Also, teach more than one rule a day. Maybe they're bored by one? Remember, too, that students will meet expectations as high OR LOW as we set them. Challenge them!
     
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  5. Obadiah

    Obadiah Groupie

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    Sep 12, 2015

    Wow! It sounds like this class needs you, and that you are doing a great job seeking to meet their needs for learning structure. I'm sure your efforts will pay off in the end.

    I had a couple of ideas. I'm assuming this is a first grade or Kindergarten class. Perhaps showing a video each day, such as Mr. Rogers' Neighborhood, which emphasizes order and structure, would help condition the students to a more structured environment.

    Also, perhaps some Pavlovian conditioning would be helpful, where certain signals begin certain behaviors. I once read about a teacher who used part of a tune for each transition in his classroom. Sometimes Dollar Stores sell little buttons that make various sounds that could be used.
     
  6. lilia123

    lilia123 Companion

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    Sep 12, 2015

    I went through a similar situation at the beginning of last year. The teacher who was their the year prior let the students just play on the I-pads all day and had zero structure. She insisted you couldn't do more than 15 minutes of work in Reading or Math a day with these children (this is an Autism class). When I took over last year the children were very resistant to doing any work. I started with instant rewards for on task behavior (stickers, fruit loops, etc.). They did eventually build up the ability to work for appropriate blocks of time. The timer is also a good ideas and works for typically functioning as well as special needs children. Doing the same routine everyday will begin to catch on with all children. Just hang in there and keep trying it will get better.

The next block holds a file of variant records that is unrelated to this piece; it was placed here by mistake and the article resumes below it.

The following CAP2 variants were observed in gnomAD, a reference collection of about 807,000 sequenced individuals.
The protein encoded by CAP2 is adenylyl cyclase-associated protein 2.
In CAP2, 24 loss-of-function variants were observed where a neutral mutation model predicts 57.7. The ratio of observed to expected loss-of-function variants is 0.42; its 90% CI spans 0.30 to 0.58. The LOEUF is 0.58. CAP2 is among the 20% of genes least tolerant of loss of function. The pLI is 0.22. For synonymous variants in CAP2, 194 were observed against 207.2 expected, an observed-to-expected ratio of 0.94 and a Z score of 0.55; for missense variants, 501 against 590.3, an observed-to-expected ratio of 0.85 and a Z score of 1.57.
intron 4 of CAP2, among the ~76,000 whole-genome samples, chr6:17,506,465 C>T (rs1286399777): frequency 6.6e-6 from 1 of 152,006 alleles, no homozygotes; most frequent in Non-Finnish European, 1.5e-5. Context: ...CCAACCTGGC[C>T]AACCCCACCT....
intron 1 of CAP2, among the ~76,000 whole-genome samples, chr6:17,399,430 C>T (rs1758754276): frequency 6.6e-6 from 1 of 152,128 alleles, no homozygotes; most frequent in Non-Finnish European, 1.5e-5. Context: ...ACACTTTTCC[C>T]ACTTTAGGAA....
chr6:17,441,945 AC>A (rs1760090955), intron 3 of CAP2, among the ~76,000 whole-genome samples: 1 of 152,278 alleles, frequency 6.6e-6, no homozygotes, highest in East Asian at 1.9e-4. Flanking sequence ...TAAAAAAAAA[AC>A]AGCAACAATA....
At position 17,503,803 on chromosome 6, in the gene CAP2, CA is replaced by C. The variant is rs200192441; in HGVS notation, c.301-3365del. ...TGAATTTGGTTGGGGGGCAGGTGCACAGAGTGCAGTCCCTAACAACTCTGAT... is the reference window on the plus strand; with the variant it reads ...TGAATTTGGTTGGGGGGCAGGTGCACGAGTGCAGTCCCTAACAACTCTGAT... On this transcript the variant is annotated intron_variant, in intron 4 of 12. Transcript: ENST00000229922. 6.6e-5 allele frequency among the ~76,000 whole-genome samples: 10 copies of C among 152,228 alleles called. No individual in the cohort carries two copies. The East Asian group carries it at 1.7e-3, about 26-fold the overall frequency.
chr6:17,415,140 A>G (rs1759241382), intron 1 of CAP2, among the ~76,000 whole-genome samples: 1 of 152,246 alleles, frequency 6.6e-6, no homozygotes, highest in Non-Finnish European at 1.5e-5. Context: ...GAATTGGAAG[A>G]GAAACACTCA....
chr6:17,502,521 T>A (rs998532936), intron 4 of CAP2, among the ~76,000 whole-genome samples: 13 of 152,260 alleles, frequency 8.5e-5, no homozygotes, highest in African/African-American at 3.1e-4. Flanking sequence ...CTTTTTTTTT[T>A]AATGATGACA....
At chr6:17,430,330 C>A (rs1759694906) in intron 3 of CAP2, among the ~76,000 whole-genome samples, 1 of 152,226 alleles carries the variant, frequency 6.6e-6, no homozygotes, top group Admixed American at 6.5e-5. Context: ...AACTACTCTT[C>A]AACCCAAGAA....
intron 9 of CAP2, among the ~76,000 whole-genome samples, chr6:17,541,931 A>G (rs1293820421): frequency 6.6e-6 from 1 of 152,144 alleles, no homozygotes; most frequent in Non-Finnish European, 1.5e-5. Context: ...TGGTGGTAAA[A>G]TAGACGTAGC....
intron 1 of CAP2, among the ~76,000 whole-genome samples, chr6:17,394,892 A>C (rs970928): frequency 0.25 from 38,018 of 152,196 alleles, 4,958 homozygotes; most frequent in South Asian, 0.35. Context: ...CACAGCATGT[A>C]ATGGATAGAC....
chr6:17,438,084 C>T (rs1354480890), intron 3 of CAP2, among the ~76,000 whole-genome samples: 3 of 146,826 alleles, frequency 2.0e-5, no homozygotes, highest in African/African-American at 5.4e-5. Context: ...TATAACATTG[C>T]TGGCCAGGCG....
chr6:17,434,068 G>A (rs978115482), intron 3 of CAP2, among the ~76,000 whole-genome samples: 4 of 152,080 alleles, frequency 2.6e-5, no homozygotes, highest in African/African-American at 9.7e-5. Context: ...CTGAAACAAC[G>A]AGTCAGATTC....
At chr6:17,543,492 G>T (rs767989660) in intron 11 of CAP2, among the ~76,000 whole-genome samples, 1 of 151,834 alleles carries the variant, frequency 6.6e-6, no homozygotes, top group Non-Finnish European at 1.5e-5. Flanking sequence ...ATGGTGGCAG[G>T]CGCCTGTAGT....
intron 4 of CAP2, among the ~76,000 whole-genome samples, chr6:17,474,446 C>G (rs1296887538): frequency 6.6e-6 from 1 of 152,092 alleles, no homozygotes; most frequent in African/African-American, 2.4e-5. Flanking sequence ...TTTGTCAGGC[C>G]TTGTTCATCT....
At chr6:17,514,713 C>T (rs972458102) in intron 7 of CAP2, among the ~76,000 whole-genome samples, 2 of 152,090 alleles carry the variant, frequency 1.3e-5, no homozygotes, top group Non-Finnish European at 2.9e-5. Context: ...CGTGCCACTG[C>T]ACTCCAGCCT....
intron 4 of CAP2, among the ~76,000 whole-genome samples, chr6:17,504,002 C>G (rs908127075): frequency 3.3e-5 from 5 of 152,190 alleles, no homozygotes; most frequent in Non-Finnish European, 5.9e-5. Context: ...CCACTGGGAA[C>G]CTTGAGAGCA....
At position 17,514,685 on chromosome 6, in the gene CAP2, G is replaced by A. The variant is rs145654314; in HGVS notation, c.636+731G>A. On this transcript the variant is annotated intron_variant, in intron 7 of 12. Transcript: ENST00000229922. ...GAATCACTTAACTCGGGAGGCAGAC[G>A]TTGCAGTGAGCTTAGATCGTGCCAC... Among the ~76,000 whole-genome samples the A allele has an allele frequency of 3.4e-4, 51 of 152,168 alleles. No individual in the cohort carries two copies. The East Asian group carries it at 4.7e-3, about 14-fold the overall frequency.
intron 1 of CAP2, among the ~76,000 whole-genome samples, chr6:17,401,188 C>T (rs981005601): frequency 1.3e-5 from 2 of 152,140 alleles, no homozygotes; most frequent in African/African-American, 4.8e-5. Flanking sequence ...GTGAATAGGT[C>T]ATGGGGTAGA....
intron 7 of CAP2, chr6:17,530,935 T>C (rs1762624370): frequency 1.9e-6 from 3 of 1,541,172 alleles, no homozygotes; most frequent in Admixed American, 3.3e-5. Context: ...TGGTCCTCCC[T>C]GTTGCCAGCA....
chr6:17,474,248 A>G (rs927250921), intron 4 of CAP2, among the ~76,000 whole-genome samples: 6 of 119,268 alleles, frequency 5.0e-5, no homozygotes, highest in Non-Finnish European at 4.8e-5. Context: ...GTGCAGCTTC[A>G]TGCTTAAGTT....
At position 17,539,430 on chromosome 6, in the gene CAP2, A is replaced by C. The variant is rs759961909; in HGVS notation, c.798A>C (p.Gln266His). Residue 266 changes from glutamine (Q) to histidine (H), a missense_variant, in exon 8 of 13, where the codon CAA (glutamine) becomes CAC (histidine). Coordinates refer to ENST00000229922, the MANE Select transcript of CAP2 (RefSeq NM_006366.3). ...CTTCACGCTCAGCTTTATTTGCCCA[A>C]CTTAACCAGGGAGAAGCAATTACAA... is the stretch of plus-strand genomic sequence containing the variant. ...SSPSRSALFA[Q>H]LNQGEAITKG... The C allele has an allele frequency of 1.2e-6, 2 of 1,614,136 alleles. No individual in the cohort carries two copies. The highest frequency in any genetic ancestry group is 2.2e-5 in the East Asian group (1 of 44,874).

Also, I was just wondering what does the school say about this teacher. I couldn't imagine any principal I have worked with allowing a classroom to run like that no matter what grade.
     
  7. m2kd

    m2kd Rookie

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    Sep 15, 2015

    Thank you so much for your responses. I tried some of your suggestions, but nothing seems to work with this group. I have been teaching for several years and have never encountered a class like this one. :dizzy:
     
  8. miatorres

    miatorres Comrade

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    Sep 15, 2015

    Would it be possible for you to use a stopwatch to use as an indicator of the amount it takes the children to settle down and listen? The exact amount of time that the stopwatch indicates will be the amount of time that the children will have to stay in the classroom during recess. Of course, this policy would be explained to the children before it is put in place.

    I was in a similar situation at the middle and high school level in a neighborhood that was and is considered very rough. The classes consisted of students with a long history of behavioral and emotional issues. From week one, many students would say, "I never do any of my work anyway." It didn't matter who their previous teachers were or how skilled any of their teachers were--the students behaved in this manner with any teacher. One of the first things I had done was to write positive notes home to parents as soon as the student showed even the slightest amount of effort.

    My hats off to you for refusing to give up on a challenging class!